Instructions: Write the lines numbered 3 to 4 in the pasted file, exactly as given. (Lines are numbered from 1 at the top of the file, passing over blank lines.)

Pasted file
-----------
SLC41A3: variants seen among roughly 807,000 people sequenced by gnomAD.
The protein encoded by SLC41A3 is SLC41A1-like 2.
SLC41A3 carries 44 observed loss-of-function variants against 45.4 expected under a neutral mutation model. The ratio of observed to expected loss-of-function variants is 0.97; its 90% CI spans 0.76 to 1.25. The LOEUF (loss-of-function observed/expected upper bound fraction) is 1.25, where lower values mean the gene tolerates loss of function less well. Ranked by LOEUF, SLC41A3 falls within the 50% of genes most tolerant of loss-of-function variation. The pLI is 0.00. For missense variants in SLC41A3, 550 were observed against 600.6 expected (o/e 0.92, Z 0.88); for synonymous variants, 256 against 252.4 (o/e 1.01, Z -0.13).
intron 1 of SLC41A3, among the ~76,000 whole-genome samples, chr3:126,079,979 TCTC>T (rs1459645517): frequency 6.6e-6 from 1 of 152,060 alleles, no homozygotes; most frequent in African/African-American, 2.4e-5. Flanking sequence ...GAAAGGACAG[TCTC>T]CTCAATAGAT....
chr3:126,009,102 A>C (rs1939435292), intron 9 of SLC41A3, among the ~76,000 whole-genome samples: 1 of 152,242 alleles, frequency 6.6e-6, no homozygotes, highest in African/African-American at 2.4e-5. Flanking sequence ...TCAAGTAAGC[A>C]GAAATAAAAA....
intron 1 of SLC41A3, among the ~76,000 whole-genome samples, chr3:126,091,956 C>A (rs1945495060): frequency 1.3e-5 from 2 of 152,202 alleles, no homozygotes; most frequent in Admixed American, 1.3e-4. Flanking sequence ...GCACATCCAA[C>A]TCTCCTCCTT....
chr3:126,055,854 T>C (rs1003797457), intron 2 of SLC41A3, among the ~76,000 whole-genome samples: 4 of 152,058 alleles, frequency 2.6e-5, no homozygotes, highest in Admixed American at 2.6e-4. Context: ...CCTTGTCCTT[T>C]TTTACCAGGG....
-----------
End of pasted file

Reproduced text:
SLC41A3 carries 44 observed loss-of-function variants against 45.4 expected under a neutral mutation model. The ratio of observed to expected loss-of-function variants is 0.97; its 90% CI spans 0.76 to 1.25. The LOEUF (loss-of-function observed/expected upper bound fraction) is 1.25, where lower values mean the gene tolerates loss of function less well. Ranked by LOEUF, SLC41A3 falls within the 50% of genes most tolerant of loss-of-function variation. The pLI is 0.00. For missense variants in SLC41A3, 550 were observed against 600.6 expected (o/e 0.92, Z 0.88); for synonymous variants, 256 against 252.4 (o/e 1.01, Z -0.13).
intron 1 of SLC41A3, among the ~76,000 whole-genome samples, chr3:126,079,979 TCTC>T (rs1459645517): frequency 6.6e-6 from 1 of 152,060 alleles, no homozygotes; most frequent in African/African-American, 2.4e-5. Flanking sequence ...GAAAGGACAG[TCTC>T]CTCAATAGAT....